My four-year-old daughter has a very positive self-image. She loves her little crooked smile, her big brown eyes, her prominent Roman nose, and her short, thin hair. When I ask her to pick out a pretty doll at the store, she's just as quick to pick out a dark-skinned, curvy doll as a thin blondie. I'm proud to say that my daughter isn't over-influenced by beauty standards and feels confident about her own appearance. But, with the media constantly bombarding my daughter with an unrealistic image, it's hard to raise a girl who knows she is beautiful.
Here are some tips for raising a daughter with a positive self-image.
1. Tell her she's pretty-- but not too much.I'll call my daughter "cutie pie" and pinch her pretty ilttle cheeks. But it stops there. I think that constantly telling our daughters that they are beautiful is a sure-fire way to give them poor self esteem later in life. Constant compliments on appearance teach girls that they are valued for what they look like, not who they are, so I try to keep these standards to a minimum.
2. Be careful with what you say about yourself. Unless your daughter is adopted, she probably looks quite a bit like you-- so what message does it send her when she hears you talk negatively about your appearance? I remember my daughter-- who inherited my Mediterranean skin tone--once looking in the mirror and parroting me with, "Eeesh, olive skin looks so yellowy and gross in the winter." From that point on, I tried to avoid criticizing my own appearance whenever in my daughter's presence, knowing that it would lead her to criticize her own.
3. Don't make negative remarks about your daughter's appearance.How many of us don't remember a time in our childhoods when our parents remarked that we were chubby, shaped oddly, lanky, or otherwise endowed with unattractive features? Even a passing remark like "You've got a lot of flab on your hips" can cut deeply into a girl's self-image, especially if she hears it during puberty. Keep these thoughts and comments to yourself, just as you would a friend.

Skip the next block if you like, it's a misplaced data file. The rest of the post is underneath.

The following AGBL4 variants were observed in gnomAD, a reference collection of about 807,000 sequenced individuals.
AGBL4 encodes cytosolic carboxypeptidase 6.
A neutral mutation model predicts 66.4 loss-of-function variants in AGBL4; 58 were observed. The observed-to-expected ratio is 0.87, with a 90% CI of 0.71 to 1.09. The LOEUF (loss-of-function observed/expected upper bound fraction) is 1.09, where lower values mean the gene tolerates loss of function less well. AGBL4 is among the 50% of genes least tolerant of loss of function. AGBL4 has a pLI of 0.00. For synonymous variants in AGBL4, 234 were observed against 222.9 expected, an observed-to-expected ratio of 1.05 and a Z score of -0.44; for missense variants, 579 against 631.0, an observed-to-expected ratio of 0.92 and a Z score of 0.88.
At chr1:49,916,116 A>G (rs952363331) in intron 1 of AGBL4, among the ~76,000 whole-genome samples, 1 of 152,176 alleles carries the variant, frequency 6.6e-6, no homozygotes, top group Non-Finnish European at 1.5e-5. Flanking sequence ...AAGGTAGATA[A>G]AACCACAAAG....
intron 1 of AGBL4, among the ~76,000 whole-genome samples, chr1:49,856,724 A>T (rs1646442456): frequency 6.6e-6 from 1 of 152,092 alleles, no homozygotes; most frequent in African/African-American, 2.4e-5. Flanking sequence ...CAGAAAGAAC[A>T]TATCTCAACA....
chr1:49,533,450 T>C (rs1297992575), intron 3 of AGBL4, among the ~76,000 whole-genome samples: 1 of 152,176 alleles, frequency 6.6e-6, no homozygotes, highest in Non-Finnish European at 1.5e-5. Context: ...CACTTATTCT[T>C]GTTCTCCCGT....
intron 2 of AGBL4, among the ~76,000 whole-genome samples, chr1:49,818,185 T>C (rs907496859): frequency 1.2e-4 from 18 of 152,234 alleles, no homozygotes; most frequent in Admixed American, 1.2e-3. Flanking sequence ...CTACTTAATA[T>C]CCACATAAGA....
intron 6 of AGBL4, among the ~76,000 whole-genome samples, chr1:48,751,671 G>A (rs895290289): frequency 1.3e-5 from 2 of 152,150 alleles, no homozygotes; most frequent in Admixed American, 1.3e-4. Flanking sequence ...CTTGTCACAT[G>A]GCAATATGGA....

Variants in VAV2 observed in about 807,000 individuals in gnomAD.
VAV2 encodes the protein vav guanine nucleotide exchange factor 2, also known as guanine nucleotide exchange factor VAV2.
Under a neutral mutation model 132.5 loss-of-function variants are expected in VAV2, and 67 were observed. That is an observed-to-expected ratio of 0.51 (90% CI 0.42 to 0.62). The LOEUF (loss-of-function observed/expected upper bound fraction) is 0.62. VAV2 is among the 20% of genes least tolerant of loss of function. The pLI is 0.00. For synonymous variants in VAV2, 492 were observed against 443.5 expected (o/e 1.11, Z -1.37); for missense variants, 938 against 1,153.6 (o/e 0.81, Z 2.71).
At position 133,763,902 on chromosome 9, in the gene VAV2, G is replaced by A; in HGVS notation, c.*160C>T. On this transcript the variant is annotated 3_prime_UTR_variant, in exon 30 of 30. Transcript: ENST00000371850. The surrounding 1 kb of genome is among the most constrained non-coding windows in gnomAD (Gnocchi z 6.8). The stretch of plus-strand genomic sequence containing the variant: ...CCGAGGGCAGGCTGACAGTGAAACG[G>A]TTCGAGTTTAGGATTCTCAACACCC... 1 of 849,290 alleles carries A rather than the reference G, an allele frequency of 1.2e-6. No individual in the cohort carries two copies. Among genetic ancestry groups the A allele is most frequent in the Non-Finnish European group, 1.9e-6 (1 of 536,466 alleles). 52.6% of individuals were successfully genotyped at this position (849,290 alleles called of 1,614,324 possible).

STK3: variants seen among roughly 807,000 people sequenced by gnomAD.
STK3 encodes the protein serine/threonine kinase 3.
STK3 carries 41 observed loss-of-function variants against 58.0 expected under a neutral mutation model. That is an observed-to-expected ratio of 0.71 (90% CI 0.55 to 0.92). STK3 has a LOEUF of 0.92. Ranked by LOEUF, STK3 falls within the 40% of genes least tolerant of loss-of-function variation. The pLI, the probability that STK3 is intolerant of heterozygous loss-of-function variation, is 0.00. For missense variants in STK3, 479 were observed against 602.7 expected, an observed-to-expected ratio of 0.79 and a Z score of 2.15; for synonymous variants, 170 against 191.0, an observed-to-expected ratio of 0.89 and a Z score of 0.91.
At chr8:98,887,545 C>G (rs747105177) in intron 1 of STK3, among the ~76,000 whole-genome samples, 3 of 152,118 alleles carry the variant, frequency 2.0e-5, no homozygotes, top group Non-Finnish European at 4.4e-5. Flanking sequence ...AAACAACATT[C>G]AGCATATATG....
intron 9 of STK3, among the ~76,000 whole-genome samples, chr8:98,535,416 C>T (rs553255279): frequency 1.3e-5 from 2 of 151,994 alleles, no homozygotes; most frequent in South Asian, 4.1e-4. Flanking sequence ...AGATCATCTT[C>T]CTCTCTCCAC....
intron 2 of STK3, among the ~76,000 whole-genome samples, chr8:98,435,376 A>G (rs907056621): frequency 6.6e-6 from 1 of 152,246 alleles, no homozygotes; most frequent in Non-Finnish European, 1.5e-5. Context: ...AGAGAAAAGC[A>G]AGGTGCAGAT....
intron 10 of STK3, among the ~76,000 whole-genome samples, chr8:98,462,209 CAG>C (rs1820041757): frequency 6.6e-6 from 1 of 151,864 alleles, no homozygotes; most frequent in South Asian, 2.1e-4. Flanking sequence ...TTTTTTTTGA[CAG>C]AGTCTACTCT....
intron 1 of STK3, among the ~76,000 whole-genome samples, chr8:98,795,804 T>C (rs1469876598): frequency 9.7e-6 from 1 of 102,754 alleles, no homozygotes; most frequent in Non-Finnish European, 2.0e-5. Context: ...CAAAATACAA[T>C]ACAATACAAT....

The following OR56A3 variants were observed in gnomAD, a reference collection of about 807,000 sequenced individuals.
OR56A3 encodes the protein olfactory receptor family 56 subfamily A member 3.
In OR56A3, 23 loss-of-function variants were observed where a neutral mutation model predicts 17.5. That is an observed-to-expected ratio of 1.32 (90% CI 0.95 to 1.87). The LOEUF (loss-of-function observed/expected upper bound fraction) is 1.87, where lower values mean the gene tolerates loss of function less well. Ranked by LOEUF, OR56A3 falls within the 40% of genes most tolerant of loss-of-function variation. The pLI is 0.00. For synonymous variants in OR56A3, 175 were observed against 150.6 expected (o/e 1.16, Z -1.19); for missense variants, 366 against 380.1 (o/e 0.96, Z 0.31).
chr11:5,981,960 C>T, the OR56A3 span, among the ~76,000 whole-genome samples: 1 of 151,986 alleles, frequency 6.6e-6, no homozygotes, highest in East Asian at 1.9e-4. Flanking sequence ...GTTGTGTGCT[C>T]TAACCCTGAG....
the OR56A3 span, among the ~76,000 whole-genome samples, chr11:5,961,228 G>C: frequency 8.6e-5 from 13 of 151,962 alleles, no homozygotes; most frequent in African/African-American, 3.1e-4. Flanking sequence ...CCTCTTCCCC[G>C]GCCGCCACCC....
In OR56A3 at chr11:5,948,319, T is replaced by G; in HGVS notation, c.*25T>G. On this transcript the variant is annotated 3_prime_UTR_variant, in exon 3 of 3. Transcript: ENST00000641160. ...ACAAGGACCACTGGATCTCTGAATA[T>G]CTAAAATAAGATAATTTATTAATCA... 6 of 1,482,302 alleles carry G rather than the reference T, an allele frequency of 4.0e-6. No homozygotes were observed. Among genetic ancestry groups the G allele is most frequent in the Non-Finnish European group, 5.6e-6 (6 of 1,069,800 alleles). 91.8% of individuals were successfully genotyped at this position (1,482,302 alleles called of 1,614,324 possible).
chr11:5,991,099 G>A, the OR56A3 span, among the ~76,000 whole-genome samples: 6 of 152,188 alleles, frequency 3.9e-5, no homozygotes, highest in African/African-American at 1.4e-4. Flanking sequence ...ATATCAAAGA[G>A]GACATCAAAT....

4. Respect your child's personality. My daughter likes wearing mismatched clothes, boys' shirts, and short, cropped hair. She hardly looks like she just stepped off of Toddlers and Tiaras, but my little artsy tomboy's own sense of style is important to me-- and to her. To children, a preference for a specific style is as much a part of their identity as their innate appearance. Respect your daughter's choices in how she dresses herself. A twelve-year-old girl with a terrible self-image is far worse than a twelve-year-old girl who likes goth make-up.
5. Get help in special cases. If your child has a medical condition that significantly alters her appearance, talk to her pediatrician about whether she might benefit from counseling. Children with burn scars or congenital abnormalities, for example, can participate in group sessions to improve self-image. If your child seems to struggle tremendously with her self-image-- a pattern of behaviors associated with body dysmporphic disorder-- bring it up to her primary health care provider to see if she might benefit from counseling or another form of supportive therapy. With your unconditional love, support, and willingness to seek help when necessary, you can raise a daughter with an excellent self-image-- regardless of what ideals the media and pop culture may try to feed her.
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